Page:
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Press release


  • 2 December 2005
  • Studentsí red alert for World AIDS Day


    World aids day

    World AIDS Day

    Students and staff at the University of Sussex are being asked to wear red and tuck into red-themed food to mark World AIDS Day (December 1).

    The colour theme, which takes its cue from the red AIDS ribbon, culminates with a candle-lit vigil to remember all those living with HIV/AIDS. The vigil will be held in Library Square on the University campus, where candles forming the shape of an AIDS ribbon will be lit from 3.30pm.

    Campaigning student society Stop AIDS, along with UNISEX (the University's sexual health and drug/alcohol service for students and staff) and the LGBT (Lesbian, Gay, Bisexual and Transgender group) will also be staging a series of events to raise both funds and awareness of HIV/AIDS issues, including the plight of children affected by HIV/AIDS worldwide and rising diagnoses figures in the UK.

    One of the main events will be the screening of a moving documentary film, A Closer Walk, at 5pm in the Arts A5 lecture theatre. The film, narrated by Hollywood stars Glenn Close and Will Smith, relates the stories of different people from around with the world and their experience of AIDS.

    According to United Nations statistics, around 14 million children under the age of 15 have lost one or both parents to AIDS. By 2010, this number is expected to exceed 25 million. One child dies of AIDS every minute. This year, the United Nations and the UN children's fund (UNICEF) launched a global campaign - Unite for Children, Unite Against AIDS - to support the millions of children affected by the HIV/AIDS pandemic and to eradicate the "disgrace" that sees fewer than five per cent of HIV-positive youngsters receiving treatment.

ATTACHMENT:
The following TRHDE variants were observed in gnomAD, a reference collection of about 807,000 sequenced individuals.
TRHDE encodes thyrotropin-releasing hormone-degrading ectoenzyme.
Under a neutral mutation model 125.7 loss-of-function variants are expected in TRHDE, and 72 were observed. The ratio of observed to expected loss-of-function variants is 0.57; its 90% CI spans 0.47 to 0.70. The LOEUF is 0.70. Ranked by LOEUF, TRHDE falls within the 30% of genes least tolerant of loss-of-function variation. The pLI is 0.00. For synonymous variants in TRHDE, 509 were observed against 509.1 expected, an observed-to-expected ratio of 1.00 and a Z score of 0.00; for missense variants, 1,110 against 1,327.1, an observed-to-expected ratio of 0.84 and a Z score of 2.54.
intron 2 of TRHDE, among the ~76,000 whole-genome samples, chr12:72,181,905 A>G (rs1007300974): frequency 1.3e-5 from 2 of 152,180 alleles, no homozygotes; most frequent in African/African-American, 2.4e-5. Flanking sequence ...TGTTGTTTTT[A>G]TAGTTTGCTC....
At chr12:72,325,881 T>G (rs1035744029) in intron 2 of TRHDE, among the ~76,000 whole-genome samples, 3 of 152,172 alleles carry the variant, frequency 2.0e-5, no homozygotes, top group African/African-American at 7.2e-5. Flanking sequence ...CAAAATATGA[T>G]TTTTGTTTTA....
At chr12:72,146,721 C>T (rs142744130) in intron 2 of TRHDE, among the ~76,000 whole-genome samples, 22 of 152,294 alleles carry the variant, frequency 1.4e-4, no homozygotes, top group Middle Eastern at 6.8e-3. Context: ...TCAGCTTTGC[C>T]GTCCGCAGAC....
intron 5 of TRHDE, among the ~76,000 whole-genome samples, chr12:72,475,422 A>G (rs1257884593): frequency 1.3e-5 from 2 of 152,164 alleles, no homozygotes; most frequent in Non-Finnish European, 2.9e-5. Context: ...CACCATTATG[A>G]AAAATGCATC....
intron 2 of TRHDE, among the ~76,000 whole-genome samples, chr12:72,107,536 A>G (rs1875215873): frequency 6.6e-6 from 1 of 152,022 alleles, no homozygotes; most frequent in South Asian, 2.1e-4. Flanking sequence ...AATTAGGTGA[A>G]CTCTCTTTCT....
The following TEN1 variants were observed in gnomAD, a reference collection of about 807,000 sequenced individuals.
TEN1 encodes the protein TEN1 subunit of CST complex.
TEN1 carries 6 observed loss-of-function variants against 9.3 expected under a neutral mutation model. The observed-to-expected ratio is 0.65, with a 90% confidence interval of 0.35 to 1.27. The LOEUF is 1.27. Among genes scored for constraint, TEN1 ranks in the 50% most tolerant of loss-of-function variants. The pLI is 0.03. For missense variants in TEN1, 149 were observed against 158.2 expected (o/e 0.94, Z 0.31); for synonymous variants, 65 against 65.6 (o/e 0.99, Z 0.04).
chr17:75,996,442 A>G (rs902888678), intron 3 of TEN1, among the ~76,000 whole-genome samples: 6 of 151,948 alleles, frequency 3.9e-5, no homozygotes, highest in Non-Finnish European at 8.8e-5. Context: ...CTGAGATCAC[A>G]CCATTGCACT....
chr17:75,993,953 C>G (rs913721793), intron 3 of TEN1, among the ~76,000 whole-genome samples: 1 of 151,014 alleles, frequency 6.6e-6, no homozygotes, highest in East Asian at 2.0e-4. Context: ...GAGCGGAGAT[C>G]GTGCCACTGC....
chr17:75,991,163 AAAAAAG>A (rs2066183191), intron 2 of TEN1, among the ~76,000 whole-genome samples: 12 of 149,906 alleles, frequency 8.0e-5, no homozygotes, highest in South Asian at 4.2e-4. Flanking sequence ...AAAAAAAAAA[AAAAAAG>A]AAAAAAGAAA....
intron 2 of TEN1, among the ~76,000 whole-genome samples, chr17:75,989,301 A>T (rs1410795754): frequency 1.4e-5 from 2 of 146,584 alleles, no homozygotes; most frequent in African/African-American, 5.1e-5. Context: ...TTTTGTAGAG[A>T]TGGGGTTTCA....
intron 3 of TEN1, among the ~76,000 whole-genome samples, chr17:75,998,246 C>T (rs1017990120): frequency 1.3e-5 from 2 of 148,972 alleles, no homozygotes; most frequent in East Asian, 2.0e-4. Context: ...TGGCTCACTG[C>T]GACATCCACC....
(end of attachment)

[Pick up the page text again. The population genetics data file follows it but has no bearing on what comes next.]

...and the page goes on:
Meanwhile, after many years of being in decline, HIV/AIDS is on the increase in the UK. Figures from the National AIDS Trust reveal a 50 per cent increase in new diagnoses since 2000. It is also thought that 53,000 people are living with HIV in the UK, 20,000 of whom have no idea they are even infected. Brighton, along with London and Manchester, is one of the HIV hot spots of the UK, with the most new HIV cases. There is still no cure for the condition.

    Student Katy Athersuch, of Stop AIDS, says: "We want to ensure that the UN's pledge to provide universal access to care and medication for all those affected by HIV and AIDS by 2010 is fulfilled. To do this we need to continue raising awareness and campaigning."

    Events on campus include a fair with stalls offering red ribbons, advice, information and free condoms, food and music in Library Square from 10am to 4pm, and a World AIDS Day quiz at the East Slope bar in the evening. In addition, student society Poda Poda will be screening two films - It's My Life and Steps for the Future - to mark World AIDS Day. Members of the student RAG group will also be rattling tins in Brighton as part of a fancy dress collection, in support of HIV/AIDS charity the Terrence Higgins Trust (named after one of the first people to die with AIDS in the UK).

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    Notes for editors 

    Entry to see A Closer Walk is free of charge, but donations are welcome. Proceeds go to various AIDS charities, including the International Community of Women Living with HIV, the African Pulse (which helps youngsters deal with life in an HIV/AIDS world) and to an orphanage and school in Tanzania. For more information, see www.acloserwalk.org

    University of Sussex Press office contacts: Maggie Clune or Jacqui Bealing, tel: 01273 678 888 or email M.T.Clune@sussex.ac.uk or J.A.Bealing@sussex.ac.uk

     

     

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